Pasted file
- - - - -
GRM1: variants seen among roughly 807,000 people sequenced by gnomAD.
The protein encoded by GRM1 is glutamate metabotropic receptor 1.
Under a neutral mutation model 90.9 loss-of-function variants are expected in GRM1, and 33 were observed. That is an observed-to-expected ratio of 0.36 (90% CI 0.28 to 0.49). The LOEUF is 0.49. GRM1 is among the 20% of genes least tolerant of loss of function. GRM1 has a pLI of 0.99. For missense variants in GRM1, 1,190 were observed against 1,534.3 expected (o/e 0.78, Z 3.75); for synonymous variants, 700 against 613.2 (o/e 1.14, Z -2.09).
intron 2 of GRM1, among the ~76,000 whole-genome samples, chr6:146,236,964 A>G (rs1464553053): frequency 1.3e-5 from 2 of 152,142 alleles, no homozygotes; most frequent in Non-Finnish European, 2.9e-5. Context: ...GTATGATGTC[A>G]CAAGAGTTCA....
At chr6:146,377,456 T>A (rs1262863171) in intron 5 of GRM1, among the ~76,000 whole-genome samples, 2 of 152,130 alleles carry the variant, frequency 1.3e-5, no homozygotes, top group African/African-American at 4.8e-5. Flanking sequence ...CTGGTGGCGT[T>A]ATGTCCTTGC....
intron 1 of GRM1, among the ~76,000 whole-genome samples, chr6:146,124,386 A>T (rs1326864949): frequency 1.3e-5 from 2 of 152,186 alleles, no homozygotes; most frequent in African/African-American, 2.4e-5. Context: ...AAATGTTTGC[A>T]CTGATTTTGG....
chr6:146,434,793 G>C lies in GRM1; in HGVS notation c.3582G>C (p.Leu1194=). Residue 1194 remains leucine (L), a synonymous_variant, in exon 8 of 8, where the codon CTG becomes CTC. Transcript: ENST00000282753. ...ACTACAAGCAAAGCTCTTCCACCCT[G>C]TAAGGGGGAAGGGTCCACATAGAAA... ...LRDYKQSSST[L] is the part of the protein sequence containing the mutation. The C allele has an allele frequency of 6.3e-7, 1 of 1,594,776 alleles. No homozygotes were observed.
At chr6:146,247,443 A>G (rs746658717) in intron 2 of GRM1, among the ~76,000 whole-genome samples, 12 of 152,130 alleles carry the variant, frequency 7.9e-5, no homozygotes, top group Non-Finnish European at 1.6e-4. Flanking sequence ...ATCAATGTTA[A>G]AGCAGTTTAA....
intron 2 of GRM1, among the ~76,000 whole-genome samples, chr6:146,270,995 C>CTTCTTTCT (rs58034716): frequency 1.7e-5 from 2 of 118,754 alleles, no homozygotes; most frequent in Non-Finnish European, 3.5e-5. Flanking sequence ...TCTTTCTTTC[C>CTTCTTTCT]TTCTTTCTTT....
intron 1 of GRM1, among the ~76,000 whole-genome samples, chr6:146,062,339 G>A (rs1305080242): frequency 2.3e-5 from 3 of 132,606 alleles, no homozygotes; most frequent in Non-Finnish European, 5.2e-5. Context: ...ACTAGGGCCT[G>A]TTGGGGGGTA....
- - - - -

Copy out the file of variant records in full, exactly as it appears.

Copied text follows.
GRM1: variants seen among roughly 807,000 people sequenced by gnomAD.
The protein encoded by GRM1 is glutamate metabotropic receptor 1.
Under a neutral mutation model 90.9 loss-of-function variants are expected in GRM1, and 33 were observed. That is an observed-to-expected ratio of 0.36 (90% CI 0.28 to 0.49). The LOEUF is 0.49. GRM1 is among the 20% of genes least tolerant of loss of function. GRM1 has a pLI of 0.99. For missense variants in GRM1, 1,190 were observed against 1,534.3 expected (o/e 0.78, Z 3.75); for synonymous variants, 700 against 613.2 (o/e 1.14, Z -2.09).
intron 2 of GRM1, among the ~76,000 whole-genome samples, chr6:146,236,964 A>G (rs1464553053): frequency 1.3e-5 from 2 of 152,142 alleles, no homozygotes; most frequent in Non-Finnish European, 2.9e-5. Context: ...GTATGATGTC[A>G]CAAGAGTTCA....
At chr6:146,377,456 T>A (rs1262863171) in intron 5 of GRM1, among the ~76,000 whole-genome samples, 2 of 152,130 alleles carry the variant, frequency 1.3e-5, no homozygotes, top group African/African-American at 4.8e-5. Flanking sequence ...CTGGTGGCGT[T>A]ATGTCCTTGC....
intron 1 of GRM1, among the ~76,000 whole-genome samples, chr6:146,124,386 A>T (rs1326864949): frequency 1.3e-5 from 2 of 152,186 alleles, no homozygotes; most frequent in African/African-American, 2.4e-5. Context: ...AAATGTTTGC[A>T]CTGATTTTGG....
chr6:146,434,793 G>C lies in GRM1; in HGVS notation c.3582G>C (p.Leu1194=). Residue 1194 remains leucine (L), a synonymous_variant, in exon 8 of 8, where the codon CTG becomes CTC. Transcript: ENST00000282753. ...ACTACAAGCAAAGCTCTTCCACCCT[G>C]TAAGGGGGAAGGGTCCACATAGAAA... ...LRDYKQSSST[L] is the part of the protein sequence containing the mutation. The C allele has an allele frequency of 6.3e-7, 1 of 1,594,776 alleles. No homozygotes were observed.
At chr6:146,247,443 A>G (rs746658717) in intron 2 of GRM1, among the ~76,000 whole-genome samples, 12 of 152,130 alleles carry the variant, frequency 7.9e-5, no homozygotes, top group Non-Finnish European at 1.6e-4. Flanking sequence ...ATCAATGTTA[A>G]AGCAGTTTAA....
intron 2 of GRM1, among the ~76,000 whole-genome samples, chr6:146,270,995 C>CTTCTTTCT (rs58034716): frequency 1.7e-5 from 2 of 118,754 alleles, no homozygotes; most frequent in Non-Finnish European, 3.5e-5. Flanking sequence ...TCTTTCTTTC[C>CTTCTTTCT]TTCTTTCTTT....
intron 1 of GRM1, among the ~76,000 whole-genome samples, chr6:146,062,339 G>A (rs1305080242): frequency 2.3e-5 from 3 of 132,606 alleles, no homozygotes; most frequent in Non-Finnish European, 5.2e-5. Context: ...ACTAGGGCCT[G>A]TTGGGGGGTA....